With the shocking surge in momentum enjoyed by Borderlands‘ loot-and-shoot series following the game’s sequel, it went without saying that the developers were going to be pumping out more content than ever before. But fans and casual audiences were stunned to see Tales from the Borderlands, a choice-driven story from Telltale Games set within Gearbox’s fictional universe, announced seemingly out of the blue.
Now the first episode of the series, ‘Zer0 Sum’ has arrived in just as unexpected a fashion, offering the first glimpse of just how Telltale has turned their recent knack for tense, excruciating decision-making to work on the over-the-top, off-kilter characters of the Borderlands universe. Unsurprisingly, it seems to be a (at-times uneven) departure for the studio – but one that many fans of the shooter will find irresistible.
Thankfully, those unfamiliar with the Borderlands series’ fiction need little background to grasp Tales‘ central premise: with overpowered weapons/robotics manufacturer Hyperion fueling the search for Vaults on the planet Pandora at the expense (and safety) of those residing in its ramshackle communities, players take control of two different protagonists; Rhys, a Hyperion employee out to hurt a corporate rival, and Fiona, a grifter from the surface looking to lie, cheat and steal just to survive.
The paths of the two are fated to cross, with both sides retelling their stories to a third party. As a framing device, it’s a clever twist that fits perfectly at home in the Borderlands sensibility. The differing accounts of Rhys and Fiona (far less significant in story terms than some fans may expect) are played for laughs, and the mystery of how the two found themselves in their current predicament – now being forced to explain what led them to it – is enough of a hook to keep players interested for the whole of ‘Zer0 Sum.’
Predictably, slipping on the persona of Borderlands‘ irreverent and manic action takes its toll on Telltale’s now-signature format (seen in both The Walking Dead and The Wolf Among Us) almost immediately. The only real threat facing Rhys (and his right hand man, Vaughn) is an expected promotion being sabotaged, meaning the series’ first episode takes plenty of time to get moving.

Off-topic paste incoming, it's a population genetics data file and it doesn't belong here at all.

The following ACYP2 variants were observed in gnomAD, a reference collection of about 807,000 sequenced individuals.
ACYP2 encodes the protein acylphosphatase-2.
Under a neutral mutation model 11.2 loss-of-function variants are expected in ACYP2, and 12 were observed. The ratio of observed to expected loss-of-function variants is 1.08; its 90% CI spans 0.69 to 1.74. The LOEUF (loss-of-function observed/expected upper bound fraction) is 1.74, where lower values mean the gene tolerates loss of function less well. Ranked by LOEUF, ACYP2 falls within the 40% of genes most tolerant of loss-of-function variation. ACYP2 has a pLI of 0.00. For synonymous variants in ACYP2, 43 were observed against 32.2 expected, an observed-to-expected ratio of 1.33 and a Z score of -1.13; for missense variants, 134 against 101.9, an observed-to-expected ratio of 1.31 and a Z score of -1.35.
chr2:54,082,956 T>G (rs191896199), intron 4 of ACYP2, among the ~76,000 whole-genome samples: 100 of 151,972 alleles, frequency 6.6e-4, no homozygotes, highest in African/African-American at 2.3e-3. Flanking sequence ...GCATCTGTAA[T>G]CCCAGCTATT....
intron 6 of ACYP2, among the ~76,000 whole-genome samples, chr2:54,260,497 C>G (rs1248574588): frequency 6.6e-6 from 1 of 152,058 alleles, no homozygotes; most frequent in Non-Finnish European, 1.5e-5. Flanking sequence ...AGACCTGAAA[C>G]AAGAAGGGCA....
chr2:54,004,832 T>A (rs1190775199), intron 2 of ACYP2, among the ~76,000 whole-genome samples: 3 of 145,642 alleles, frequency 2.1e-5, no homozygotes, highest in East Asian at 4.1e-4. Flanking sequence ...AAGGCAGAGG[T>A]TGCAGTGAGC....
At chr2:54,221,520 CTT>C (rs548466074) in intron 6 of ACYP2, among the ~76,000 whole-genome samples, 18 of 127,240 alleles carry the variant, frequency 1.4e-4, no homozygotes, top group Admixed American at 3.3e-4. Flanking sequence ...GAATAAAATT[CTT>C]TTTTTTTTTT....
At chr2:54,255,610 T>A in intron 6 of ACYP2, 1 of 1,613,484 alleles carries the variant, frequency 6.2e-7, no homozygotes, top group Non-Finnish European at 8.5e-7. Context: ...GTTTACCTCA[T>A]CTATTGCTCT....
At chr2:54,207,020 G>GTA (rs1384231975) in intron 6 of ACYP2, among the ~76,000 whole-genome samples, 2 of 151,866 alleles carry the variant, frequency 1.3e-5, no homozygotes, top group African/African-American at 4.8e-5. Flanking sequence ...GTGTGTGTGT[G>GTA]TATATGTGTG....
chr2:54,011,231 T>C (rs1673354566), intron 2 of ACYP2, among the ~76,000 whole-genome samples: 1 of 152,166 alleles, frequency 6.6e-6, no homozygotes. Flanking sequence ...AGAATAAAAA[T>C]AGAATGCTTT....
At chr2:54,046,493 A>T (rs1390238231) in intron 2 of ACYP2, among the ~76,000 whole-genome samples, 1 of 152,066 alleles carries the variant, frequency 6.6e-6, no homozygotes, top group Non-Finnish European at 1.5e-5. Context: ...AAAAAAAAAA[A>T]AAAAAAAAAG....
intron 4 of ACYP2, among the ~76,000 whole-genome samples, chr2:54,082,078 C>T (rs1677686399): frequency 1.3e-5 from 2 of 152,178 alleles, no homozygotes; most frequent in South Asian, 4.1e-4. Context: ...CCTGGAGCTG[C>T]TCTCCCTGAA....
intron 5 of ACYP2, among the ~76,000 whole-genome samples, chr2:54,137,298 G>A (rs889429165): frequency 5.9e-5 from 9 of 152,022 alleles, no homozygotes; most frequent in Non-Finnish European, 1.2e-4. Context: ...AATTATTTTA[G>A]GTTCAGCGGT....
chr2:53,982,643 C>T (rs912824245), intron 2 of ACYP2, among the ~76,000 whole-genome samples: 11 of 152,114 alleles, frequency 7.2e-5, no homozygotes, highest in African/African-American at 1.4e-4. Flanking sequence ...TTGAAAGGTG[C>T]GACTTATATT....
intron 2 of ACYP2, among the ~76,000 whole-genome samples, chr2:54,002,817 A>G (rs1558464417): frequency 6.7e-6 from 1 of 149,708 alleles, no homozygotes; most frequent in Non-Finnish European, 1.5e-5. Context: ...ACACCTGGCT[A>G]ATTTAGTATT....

That wouldn’t be as much of an issue if Tales relied as heavily on exploration – actually handing control to the player in a tactile sense – as Telltale players now expect. But the developers have made their emphasis on storytelling over traditional gameplay clear (imagine Wolf Among Us without clues or questioning). Thankfully, that focus proves promising once Rhys hands the episode’s reins over to his partner in crime, Fiona.
Blessed with an origin story that is far more compelling (Rhys’ path to Hyperion is still a mystery), and the more colorful characters of Pandora proper, Fiona’s story line will be what captivates those unfamiliar with Borderlands‘ universe and convinces them to stick it out for the first episode – with the climax banking on exactly that.
It’s hard to argue that Tales from the Borderlands isn’t a faithful adaptation of the property it’s based on; the humor is alive and well in almost every interaction, but where the line is drawn between the path charted by Gearbox and what Telltale has brought to it can be easy to spot. For existing fans of Borderlands‘ sense of humor, finding the value in Telltale’s writing won’t be hard. But for those who found the story or texture of the shooter series too odd, too off-putting, or too secondary to the gameplay, its survival here may prove a turn-off.
The first episode is certain to produce a few laughs, as Rhys attempts to take down a murderous Bandit only to be mistaken for a prankster co-worker, or Fiona’s attempts at intimidation criticized as simply rude. And while the player’s impact on a Bandit rendition of ‘Death Race’ may be minimal, simply watching the action unfold and hitting the button prompts as they pop on-screen, there’s no denying the sheer entertainment in watching these more pedestrian characters thrown into the deep end of Pandora’s lunacy.
All things considered, ‘Zer0 Sum’ may not be what Telltale fans will expect – put simply, it’s the Borderlands experience adapted to a different form. That itself is quite an accomplishment, with the pairing deemed a poor match by many skeptics early on. So in that regard, Tales from the Borderlands is a surprising success. Even if the overall experience feels more restricted, and more scripted than either The Walking Dead or The Wolf Among Us.
But the weight of decisions only becomes clear as time passes; for now, the choice of how to outfit one’s Loader Bot, or just who will be the recipient of Fiona’s single bullet lack the typical Telltale gravity. What the developers are attempting here is a new and singular challenge, so we’ll give them the benefit of the doubt that there’s more weight coming soon enough.
As it stands, Tales is a no-brainer for Borderlands fans seeking another story set within that universe, and those just as fond of the fiction as the fighting. For Telltale fans, it’s a chance to see the developers tackle a lighter setting, and prove there’s no source material they can’t recapture.
Tales from the Borderlands: Episode 1 is available to download now for PC, PS3, PS4 and Xbox One, with an Xbox 360 release coming December 3.
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